Journalists don’t have a lot of free time. If they date you, they must really like you. I consider myself extra special because I was able to get a journalist to fit me in her abundant agenda filled with interviews, writing, meetings and editing all the time. While I do feel special, there was also a lot I learned by dating Christina Morales for more than two years during her Alligator career.
I didn’t know much about journalism before meeting Christina, let alone about girls because I went to an all-boys Catholic high school. All I knew about the news was that my parents were subscribers of the Tampa Bay Times and that the movie “Spotlight” was a masterpiece.
Christina and I study two completely different subjects. I study economics and she writes. While I struggle to spell, I have to teach Christina how to find a derivative of a function. I taught Christina that college guys can cook almost anything. I don’t know if Christina is joking when she goes to football games and asks me how many points a touchdown is.
But she’s taught me a lot, too.
First off, I learned pretty early that journalists can be intimidating. If you walk into The Alligator’s office, you would’ve seen a 5-foot-nothing Latina editor-in-chief eating a pastelito at her desk. But don’t let that fool you; this lady is fierce.
I learned that Christina is determined to have The Alligator bulletproof to the best of her ability. Before COVID-19, Christina would spend three days a week at the office working with her staff editing the paper. While the office is closed, The Alligator is still printing. Christina continues to edit throughout the night. If you are interested in a journalist and wondering why they left you on read, don’t worry — you’re not ugly. The odds are that they probably haven’t slept in days, so they are taking their time off to sleep and dream about their next interview.
From my experience, it is in your best interest to let journalists sleep. I try to make sure to give Christina plenty of sleep time for my own safety. People are always asking her for favors, piling on more tasks that she was not expecting in her day. I know if I added something to her list with already a million things to do I would earn my ticket to heaven way earlier than I would like.
When print nights go past 2 a.m., Christina reminds me of a character from the Snickers campaign, “You’re not you when you’re hungry.” So instead of asking Christina annoying questions like, “Can you edit my economics research paper right now?” I cook her dinners, bake pretzels, make ice cream and deliver her comfort food to the office. Before making my food deliveries, I went through Christina’s Miami Spotify playlist and found the perfect Latin song to blast in The Alligator’s parking lot. I showcased my average dance moves.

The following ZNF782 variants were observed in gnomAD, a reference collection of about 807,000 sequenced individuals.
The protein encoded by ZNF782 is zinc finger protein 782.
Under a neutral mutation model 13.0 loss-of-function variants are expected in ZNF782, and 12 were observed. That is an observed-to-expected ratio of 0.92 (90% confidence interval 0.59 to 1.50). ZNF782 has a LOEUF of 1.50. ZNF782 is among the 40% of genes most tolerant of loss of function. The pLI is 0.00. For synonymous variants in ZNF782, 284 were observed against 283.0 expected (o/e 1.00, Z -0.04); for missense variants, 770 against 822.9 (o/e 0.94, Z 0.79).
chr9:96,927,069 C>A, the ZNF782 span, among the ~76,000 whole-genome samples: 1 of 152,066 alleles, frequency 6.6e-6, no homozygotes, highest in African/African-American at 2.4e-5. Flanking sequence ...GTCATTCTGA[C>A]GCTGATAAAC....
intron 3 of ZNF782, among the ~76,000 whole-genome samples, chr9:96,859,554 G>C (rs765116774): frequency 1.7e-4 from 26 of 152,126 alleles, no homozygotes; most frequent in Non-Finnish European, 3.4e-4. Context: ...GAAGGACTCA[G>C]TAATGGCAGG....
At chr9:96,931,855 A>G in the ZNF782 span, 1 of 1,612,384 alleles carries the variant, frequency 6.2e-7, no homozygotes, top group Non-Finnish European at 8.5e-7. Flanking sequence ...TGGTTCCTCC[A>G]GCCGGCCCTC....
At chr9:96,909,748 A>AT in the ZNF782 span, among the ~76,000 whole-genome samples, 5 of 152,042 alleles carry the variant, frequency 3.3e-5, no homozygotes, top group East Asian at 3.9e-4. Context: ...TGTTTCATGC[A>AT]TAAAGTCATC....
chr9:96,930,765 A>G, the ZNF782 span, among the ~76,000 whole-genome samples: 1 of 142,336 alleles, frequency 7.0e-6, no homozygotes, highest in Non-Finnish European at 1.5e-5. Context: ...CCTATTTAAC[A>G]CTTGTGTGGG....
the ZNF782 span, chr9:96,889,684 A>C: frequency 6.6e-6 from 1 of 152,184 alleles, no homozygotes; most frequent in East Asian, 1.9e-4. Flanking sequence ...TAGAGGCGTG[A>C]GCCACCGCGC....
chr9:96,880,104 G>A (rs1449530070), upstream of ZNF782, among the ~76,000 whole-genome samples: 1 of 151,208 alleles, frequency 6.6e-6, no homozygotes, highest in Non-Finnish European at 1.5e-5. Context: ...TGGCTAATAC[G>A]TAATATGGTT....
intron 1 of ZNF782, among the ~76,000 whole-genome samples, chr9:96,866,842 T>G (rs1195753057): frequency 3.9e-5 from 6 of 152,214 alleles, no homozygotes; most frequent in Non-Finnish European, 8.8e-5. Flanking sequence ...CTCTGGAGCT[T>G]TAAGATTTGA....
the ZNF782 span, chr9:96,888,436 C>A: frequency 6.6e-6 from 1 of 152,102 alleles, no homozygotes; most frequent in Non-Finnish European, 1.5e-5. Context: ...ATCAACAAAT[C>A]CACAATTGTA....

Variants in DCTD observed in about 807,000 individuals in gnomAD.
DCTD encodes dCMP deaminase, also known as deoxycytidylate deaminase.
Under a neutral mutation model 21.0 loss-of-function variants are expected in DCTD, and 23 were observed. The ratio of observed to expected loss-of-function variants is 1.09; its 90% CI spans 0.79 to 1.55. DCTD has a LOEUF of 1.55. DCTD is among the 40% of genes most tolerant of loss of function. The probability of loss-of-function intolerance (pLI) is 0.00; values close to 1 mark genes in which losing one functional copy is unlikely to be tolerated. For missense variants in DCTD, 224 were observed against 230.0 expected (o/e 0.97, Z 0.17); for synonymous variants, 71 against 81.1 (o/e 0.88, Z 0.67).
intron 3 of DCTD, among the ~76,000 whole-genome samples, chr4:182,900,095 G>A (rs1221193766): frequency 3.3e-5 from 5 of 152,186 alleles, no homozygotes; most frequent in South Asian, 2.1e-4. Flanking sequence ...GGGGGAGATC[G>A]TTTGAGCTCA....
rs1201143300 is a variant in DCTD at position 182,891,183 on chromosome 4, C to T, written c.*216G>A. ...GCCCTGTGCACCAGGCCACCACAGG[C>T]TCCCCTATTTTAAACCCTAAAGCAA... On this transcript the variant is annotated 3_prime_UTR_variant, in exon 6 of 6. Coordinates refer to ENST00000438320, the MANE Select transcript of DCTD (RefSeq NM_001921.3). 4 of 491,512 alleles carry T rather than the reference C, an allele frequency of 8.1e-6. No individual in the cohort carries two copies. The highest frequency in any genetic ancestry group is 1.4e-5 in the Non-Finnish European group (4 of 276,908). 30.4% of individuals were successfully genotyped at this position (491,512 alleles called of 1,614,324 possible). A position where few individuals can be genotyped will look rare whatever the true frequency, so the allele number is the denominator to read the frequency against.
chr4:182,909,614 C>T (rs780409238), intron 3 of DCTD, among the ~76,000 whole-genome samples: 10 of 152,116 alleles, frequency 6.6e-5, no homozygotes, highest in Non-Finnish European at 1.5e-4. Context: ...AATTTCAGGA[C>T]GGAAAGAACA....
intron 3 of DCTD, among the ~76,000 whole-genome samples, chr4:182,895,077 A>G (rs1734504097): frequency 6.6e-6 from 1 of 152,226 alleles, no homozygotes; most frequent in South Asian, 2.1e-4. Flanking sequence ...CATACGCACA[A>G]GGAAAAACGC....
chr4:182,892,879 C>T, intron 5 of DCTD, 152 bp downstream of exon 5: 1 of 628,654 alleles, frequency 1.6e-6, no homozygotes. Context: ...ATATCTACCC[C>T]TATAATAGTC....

So far, my biggest enemy in dating Christina is breaking news. Sometimes, I feel like breaking news is an ex-boyfriend trying to get their old relationship back. If a story breaks during a romantic dinner at La Tienda when we’re stuffing our faces with chips and salsa, sorry, breaking news has won. It might win some battles, but I always win the war.
Aside from the frequent naps and constant ringing of her phone, there is a lot to love about Christina. She has a great sense of humor and gives the best hugs. She can be weird sometimes and go on hour-long tangents about a topic, repeating the same thing but somehow finding different words to describe it.
Before she publishes a story of her own she makes sure to get opinions from various people, including her mom and me. I get excited, but sometimes I am surprised that she wants me to review her drafts because before meeting Christina, I was confused about how to use “to,” “too” and “two” properly.
Journalists are not perfect, including Christina. Mistakes do happen, but Christina does everything she can to avoid them. Even though The Alligator is a student newspaper, Christina and the rest of the staff take it as seriously as any other major news outlet. People can be overly critical of journalists and blame them for things they have no control over. When Christina makes an error, it upsets her just as much as some readers. Instead of getting down on herself, she learns from it.
However, sometimes instead of pointing out a problem respectfully, people can sometimes make their comments toxic. Christina has received racist emails about how her Latina descent makes her stories biased when writing about immigration or how she and The Alligator are fake news. It is frustrating to know there are people who take time out of their day to put others down with personal attacks that have no business being said.
It is important for people to know you are not always going to like what you read, but without the news, this country would be much worse off. It’s something else I don’t think I would’ve learned if I didn’t date Christina.
Right now, Christina is leading The Alligator on COVID-19 stories. With the constant updates from health experts and local governments, Christina has been busier than ever. I’ve never seen Christina drink so much coffee — two sugars and a splash of Coffeemate vanilla creamer.
But without journalism, the virus would damage more lives than it already has. Journalists break the silence on important issues taking place in the world today. I am thankful to live in a country that values the freedom of the press because I’ve learned that it makes my daily life much better.
I want to encourage whoever is reading this to send a thank-you email to a journalist and show them your appreciation. I guarantee it will make their day, like it will Christina’s.
Tyler Pratt is a food and resource economics senior and the boyfriend of Christina Morales, The Alligator’s editor-in-chief.